It's also no secret who the most influential corporations are: when government is for sale, it naturally goes to the highest bidder, and that means the big oil companies, the ones whose names you know, and the ones you don't.  Their profits make Google and Facebook look like the income of college students pushing carts of books around the library.   Then come the financial institutions, otherwise known as banks.  And then the telecoms and other big corporations, some of whom own media.  Some of them (and their owners) are buying government at wholesale prices.

They've accumulated the means of government production very quietly, a lot of it through the courts, expanding the power of corporations while making them less accountable to the public. In terms of campaign finance--a small part of their game--they increased visibility a bit with everybody knowing about the Supreme Court decision called Citizens United--but this enabled them to be in position to cripple any countervailing forces before the 2012 elections.  A nice adjunct to their strategy of growing politicians for themselves--while supplying them with lobbyists for hand-held guidance-- has been to have actual rich corporate leaders spend a few years in public service, making sure the trends accelerate in their favor, before they go back to making more billions.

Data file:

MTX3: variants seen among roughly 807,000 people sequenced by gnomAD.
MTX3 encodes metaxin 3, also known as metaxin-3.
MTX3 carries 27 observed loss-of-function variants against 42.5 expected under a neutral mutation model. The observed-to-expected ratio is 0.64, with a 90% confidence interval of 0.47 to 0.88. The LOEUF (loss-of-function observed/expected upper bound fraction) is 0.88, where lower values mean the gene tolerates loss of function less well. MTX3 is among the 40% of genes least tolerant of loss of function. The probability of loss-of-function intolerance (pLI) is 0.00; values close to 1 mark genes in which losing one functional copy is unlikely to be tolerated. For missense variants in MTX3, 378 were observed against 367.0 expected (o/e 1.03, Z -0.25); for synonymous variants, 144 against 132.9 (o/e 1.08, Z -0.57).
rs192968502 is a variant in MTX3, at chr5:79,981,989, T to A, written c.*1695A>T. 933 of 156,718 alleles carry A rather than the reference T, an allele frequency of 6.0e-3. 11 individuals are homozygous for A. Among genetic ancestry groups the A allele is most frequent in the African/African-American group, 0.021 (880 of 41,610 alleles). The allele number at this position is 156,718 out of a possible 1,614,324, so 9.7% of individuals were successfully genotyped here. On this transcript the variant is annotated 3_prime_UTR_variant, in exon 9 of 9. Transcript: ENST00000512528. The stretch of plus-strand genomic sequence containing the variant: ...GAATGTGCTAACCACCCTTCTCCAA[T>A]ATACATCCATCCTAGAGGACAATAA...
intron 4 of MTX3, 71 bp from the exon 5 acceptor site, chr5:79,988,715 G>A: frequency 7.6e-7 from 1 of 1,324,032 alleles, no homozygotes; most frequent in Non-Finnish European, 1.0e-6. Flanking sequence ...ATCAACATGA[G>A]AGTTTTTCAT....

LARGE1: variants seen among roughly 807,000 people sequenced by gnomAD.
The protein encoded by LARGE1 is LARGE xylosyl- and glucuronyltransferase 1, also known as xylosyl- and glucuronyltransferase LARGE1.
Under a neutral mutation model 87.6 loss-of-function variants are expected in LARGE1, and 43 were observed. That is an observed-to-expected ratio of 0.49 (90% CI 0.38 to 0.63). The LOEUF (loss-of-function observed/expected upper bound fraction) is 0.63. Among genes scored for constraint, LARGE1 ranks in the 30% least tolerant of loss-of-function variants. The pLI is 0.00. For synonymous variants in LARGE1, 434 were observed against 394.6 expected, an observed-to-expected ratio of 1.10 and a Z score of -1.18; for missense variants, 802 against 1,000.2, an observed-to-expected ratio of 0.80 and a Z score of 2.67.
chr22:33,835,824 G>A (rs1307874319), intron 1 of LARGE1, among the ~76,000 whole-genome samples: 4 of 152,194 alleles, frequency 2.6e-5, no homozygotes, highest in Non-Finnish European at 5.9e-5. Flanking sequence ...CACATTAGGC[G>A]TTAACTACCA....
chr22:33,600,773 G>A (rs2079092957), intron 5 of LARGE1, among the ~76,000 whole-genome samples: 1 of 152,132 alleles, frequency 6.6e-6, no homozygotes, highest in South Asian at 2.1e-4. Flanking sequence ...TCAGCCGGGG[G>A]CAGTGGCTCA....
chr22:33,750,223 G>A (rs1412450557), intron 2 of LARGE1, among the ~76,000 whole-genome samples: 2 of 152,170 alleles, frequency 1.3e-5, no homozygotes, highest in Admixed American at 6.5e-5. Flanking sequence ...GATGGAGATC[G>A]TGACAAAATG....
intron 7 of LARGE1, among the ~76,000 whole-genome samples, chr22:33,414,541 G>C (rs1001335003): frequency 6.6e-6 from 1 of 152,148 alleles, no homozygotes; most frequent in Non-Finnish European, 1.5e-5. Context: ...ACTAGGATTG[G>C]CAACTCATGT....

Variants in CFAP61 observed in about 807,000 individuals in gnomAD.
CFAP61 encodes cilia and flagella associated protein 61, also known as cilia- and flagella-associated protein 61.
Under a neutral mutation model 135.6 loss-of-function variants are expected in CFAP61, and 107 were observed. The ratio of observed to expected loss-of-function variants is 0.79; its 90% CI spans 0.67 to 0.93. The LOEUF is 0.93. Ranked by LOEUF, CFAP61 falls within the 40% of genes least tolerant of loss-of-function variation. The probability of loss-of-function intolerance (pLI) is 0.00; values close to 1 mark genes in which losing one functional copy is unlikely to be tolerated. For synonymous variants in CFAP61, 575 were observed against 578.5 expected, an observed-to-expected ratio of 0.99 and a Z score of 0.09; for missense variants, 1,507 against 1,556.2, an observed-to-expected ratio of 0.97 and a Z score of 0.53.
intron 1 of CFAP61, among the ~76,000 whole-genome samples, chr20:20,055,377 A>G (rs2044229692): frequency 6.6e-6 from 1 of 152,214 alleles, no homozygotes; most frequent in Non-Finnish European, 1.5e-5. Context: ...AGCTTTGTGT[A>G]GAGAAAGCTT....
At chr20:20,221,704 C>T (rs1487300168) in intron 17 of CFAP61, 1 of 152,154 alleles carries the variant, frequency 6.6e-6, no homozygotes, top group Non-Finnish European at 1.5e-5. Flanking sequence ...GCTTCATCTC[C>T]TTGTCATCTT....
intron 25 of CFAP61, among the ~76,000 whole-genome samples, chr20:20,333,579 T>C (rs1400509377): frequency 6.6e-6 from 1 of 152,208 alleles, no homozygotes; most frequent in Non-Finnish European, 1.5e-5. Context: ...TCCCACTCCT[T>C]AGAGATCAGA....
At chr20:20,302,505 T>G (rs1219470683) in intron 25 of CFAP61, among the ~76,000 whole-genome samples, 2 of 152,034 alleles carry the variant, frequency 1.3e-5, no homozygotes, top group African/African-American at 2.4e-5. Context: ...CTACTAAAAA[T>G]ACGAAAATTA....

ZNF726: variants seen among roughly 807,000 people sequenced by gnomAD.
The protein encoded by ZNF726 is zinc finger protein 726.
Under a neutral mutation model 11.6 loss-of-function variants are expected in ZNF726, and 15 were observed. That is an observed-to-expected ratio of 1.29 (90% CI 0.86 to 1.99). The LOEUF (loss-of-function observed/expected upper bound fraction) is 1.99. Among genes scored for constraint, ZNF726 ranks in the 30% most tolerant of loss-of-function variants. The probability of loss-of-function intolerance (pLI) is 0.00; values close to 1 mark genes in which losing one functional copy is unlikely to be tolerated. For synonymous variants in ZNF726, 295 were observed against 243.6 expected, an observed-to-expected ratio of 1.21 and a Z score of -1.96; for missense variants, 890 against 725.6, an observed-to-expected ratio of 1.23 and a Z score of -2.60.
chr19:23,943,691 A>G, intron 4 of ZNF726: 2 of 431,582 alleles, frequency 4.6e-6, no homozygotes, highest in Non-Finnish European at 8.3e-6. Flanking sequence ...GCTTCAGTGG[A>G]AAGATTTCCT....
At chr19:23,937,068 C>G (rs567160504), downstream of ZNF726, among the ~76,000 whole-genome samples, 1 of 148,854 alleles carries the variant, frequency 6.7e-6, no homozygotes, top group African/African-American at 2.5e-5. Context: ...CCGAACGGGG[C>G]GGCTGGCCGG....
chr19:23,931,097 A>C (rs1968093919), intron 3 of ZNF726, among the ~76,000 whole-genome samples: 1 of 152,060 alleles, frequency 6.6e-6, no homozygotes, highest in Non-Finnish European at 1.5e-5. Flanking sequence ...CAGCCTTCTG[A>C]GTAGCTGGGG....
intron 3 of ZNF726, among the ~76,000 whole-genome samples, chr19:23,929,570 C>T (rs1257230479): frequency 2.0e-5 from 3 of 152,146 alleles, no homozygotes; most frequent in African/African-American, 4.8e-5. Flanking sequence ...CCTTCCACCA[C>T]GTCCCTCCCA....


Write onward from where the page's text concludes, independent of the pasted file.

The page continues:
But elected officials are only part of the government that's open for business.  For many years it's been the appointed bureaucrats in key jobs (once again in alliance with lobbyists), especially in federal departments, that have quietly made sure the government does what the corporate powers demand.  It's hardly a secret that the Energy Department in Washington, for example, has largely been controlled by energy companies, and even in the Obama Administration, it may still be.  If people wonder why all of Obama's environmental promises haven't been kept, I wonder how he's been able to keep as many as he has.  He's dealing with government departments that are deeply divided, harboring as they do the agents of corporate hegemony.

At this point, it's not that policies like this and actual corruption are coincidental, or even that they are loosely related.  They are pretty much the same thing.  And the boldness and greed are utterly astounding.  Corporate profits just registered their biggest gains since 1950. Rachel Maddow had a list of some Friday--I'll pass them along when that transcript becomes available.  But they are huge.  The rich are still getting the Bush tax cuts, while huge corporations pay no federal taxes and in fact get rebates the size of some state budgets.  So their relentless remaking of government is not exactly because they are threatened with penury.